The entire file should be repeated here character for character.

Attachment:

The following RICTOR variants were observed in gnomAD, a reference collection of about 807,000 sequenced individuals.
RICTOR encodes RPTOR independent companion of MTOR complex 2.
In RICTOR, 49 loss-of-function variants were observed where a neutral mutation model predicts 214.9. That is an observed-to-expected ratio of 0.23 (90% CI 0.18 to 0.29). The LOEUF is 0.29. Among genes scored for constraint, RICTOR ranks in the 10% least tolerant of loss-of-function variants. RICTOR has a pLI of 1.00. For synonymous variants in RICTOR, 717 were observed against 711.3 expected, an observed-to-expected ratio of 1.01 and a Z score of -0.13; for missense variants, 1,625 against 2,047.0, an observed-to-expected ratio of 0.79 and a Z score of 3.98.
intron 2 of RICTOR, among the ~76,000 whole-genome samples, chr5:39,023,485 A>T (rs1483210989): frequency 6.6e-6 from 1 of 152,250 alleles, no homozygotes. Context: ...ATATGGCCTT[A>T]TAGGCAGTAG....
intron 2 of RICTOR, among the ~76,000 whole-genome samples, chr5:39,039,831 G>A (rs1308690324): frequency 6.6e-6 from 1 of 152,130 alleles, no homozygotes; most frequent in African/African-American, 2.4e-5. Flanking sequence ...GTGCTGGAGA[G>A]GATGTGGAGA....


The following RICTOR variants were observed in gnomAD, a reference collection of about 807,000 sequenced individuals.
RICTOR encodes RPTOR independent companion of MTOR complex 2.
In RICTOR, 49 loss-of-function variants were observed where a neutral mutation model predicts 214.9. That is an observed-to-expected ratio of 0.23 (90% CI 0.18 to 0.29). The LOEUF is 0.29. Among genes scored for constraint, RICTOR ranks in the 10% least tolerant of loss-of-function variants. RICTOR has a pLI of 1.00. For synonymous variants in RICTOR, 717 were observed against 711.3 expected, an observed-to-expected ratio of 1.01 and a Z score of -0.13; for missense variants, 1,625 against 2,047.0, an observed-to-expected ratio of 0.79 and a Z score of 3.98.
intron 2 of RICTOR, among the ~76,000 whole-genome samples, chr5:39,023,485 A>T (rs1483210989): frequency 6.6e-6 from 1 of 152,250 alleles, no homozygotes. Context: ...ATATGGCCTT[A>T]TAGGCAGTAG....
intron 2 of RICTOR, among the ~76,000 whole-genome samples, chr5:39,039,831 G>A (rs1308690324): frequency 6.6e-6 from 1 of 152,130 alleles, no homozygotes; most frequent in African/African-American, 2.4e-5. Flanking sequence ...GTGCTGGAGA[G>A]GATGTGGAGA....